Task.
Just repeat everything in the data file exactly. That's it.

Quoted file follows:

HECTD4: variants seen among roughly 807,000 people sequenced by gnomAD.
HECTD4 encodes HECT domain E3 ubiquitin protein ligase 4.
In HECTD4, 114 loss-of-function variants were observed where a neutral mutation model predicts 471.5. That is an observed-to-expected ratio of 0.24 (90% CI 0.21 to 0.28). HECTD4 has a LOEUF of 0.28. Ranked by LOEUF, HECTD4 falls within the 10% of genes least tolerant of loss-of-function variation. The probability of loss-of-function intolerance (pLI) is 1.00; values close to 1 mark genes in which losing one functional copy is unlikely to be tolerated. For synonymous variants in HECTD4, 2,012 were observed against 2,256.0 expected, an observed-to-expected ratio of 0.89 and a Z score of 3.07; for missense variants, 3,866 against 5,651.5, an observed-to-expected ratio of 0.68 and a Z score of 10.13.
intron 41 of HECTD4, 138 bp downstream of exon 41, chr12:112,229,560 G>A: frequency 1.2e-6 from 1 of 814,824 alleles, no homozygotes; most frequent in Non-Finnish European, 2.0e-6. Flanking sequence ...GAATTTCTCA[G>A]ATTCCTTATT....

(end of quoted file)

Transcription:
HECTD4: variants seen among roughly 807,000 people sequenced by gnomAD.
HECTD4 encodes HECT domain E3 ubiquitin protein ligase 4.
In HECTD4, 114 loss-of-function variants were observed where a neutral mutation model predicts 471.5. That is an observed-to-expected ratio of 0.24 (90% CI 0.21 to 0.28). HECTD4 has a LOEUF of 0.28. Ranked by LOEUF, HECTD4 falls within the 10% of genes least tolerant of loss-of-function variation. The probability of loss-of-function intolerance (pLI) is 1.00; values close to 1 mark genes in which losing one functional copy is unlikely to be tolerated. For synonymous variants in HECTD4, 2,012 were observed against 2,256.0 expected, an observed-to-expected ratio of 0.89 and a Z score of 3.07; for missense variants, 3,866 against 5,651.5, an observed-to-expected ratio of 0.68 and a Z score of 10.13.
intron 41 of HECTD4, 138 bp downstream of exon 41, chr12:112,229,560 G>A: frequency 1.2e-6 from 1 of 814,824 alleles, no homozygotes; most frequent in Non-Finnish European, 2.0e-6. Flanking sequence ...GAATTTCTCA[G>A]ATTCCTTATT....